I saw it first leaning against a tree. The tree having no say in this. The object saying all it could but not, necessarily, truthfully.
It was round, and of plastic in the way that vinyl motorcycle jackets are of leather and in the way that cheap pocket books can be said to be of Gucci when bought on Sunday’s in a flea market’s stall.
It was meant to resemble steel.
…and maybe it, was, stolen at some point. Just then, though, it was sitting against a tree, simply a plastic hubcap. It now the normally, formally, transit equivalent of the unemployed looking for a job.
…and it didn’t seem all that choosy.
If it had arms, I was sure it would be holding a cardboard sign. It willing to work for food- work which I imaged to be it on a supermarket cart.
People adopt small, shaggy, puppies, and tiny mewing cats- which slowly learn to trust them. People take home co workers and best friends that, somehow, seem to need them. People take home pizza and Chinese and Mexican food, which somehow seem to please them.
…but doesn’t always please them, later on.
Still, I thought that a single, plastic, hubcap might be difficult to adopt.
…and I walked by it, not in need or want to give that additional form of support.
I might not have thought of the hub cap again, had I not seen it again later on. Had I seen it again later on, had I not seen it again later on. Had I not seen it nearly every day for several months…always in another place…always further on.
The hubcap was an incredibly bad hitch hiker, riding just a block or so at a time. Maybe, I thought, it foolishly spoke about religion or politics. Maybe, I thought, it argued Microsoft vs. Apple IT. Maybe, I thought, it insulted the little stickers representing the drivers family.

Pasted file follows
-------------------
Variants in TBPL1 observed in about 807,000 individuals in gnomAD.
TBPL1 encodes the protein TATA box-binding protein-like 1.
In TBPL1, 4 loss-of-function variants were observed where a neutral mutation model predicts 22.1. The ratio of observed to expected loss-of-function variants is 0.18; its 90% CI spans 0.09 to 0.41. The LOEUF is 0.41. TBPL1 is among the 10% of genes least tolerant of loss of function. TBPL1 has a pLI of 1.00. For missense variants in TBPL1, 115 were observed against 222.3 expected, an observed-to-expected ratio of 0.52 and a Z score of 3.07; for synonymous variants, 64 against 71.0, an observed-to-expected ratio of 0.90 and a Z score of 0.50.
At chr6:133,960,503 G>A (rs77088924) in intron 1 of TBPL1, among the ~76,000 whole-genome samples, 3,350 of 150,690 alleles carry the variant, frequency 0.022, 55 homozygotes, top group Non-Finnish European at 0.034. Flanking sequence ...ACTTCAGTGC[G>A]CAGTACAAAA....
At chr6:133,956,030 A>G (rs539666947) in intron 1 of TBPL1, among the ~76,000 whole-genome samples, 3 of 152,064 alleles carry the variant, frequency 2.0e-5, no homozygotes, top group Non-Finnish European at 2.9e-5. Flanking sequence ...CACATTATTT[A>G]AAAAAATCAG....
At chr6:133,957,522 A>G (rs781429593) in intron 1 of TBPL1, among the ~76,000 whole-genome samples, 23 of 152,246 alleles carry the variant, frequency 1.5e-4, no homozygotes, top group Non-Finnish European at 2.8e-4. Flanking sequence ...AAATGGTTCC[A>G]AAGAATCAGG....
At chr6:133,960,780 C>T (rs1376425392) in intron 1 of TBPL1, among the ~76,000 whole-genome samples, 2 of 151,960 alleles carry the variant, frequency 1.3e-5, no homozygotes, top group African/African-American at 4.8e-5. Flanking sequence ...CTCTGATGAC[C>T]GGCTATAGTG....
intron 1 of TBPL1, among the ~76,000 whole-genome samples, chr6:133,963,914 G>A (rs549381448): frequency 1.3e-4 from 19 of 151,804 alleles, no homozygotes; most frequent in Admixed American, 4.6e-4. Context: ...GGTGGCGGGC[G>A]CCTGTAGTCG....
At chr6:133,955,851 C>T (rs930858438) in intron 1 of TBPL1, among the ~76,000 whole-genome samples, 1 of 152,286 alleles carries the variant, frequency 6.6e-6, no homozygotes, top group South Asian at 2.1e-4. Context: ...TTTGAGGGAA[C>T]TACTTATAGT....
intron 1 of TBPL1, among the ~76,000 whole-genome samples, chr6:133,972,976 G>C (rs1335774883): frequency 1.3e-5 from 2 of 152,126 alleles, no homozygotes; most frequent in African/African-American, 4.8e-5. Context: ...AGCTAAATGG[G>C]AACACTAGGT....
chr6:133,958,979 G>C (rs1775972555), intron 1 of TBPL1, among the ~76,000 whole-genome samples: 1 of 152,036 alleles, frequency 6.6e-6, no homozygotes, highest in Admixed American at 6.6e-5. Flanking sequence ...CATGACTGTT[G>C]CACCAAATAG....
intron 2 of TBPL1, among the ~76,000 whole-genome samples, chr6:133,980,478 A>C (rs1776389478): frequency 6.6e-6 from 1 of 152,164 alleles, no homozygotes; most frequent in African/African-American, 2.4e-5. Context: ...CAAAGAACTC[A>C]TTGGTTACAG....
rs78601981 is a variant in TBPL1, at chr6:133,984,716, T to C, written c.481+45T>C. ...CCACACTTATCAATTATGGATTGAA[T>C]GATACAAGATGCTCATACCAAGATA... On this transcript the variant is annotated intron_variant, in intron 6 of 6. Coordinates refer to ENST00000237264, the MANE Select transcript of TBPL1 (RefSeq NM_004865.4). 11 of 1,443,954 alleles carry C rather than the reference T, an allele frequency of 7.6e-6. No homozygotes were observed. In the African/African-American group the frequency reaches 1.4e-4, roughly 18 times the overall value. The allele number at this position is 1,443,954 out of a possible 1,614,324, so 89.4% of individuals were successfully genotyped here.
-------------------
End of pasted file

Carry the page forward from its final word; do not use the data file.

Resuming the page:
It could have argued about anything, but Sarah lee.
Nobody doesn’t like, Sarah Lee.
…but the hubcap never seemed to make it very far.
…and it all became a game to me. I began to search down the cities streets. I began to search under the neighborhoods bushes and beside the neighborhoods trees, looking for the hubcap. It was there, somewhere, vertically or horizontally. I’d find it if I searched for the vowels U or A or the consonants bc.
The hub cap became a well syndicated sitcom to me. One with crazy neighbors and mischievous kids. One that had been on, and was on, and still had some laughs to give.
…and I supposed the “Kids“ were behind it. The “Kids” moving the hub cap along on their way home from, or to, school. The “Kids“, the silver duct tape creating connections to answers for me.
…and I suppose the redundancy in the plot line doomed the show, eventually.
…or maybe the fate of the hubcap could be seen as a cautionary tale, of homelessness, unemployment, and lack of family.
…but one day I found the hubcap and it was in pieces by a curb. Bits of broken plastic, by some cigarette butts, and some gravel, and some older fallen leaves.
That was it, then. No more looking. No more searching for the thing.
Down the streets and through the neighborhood. Through the park and through my thoughts . In the early morning hours. In the heat and in the breeze with the red flowers waving and the green palms swaying and me…suddenly…
A hubcap is like a tie. It’s an object that’s seen as practical but who’s origin, and location, is sometimes lost.
A hubcap has a reason, is an elaboration, and it being where it is will help you move.
As it did for me.
It got me walking. It got me searching. It got me, to me. It made me more aware of who I could, who I might, be.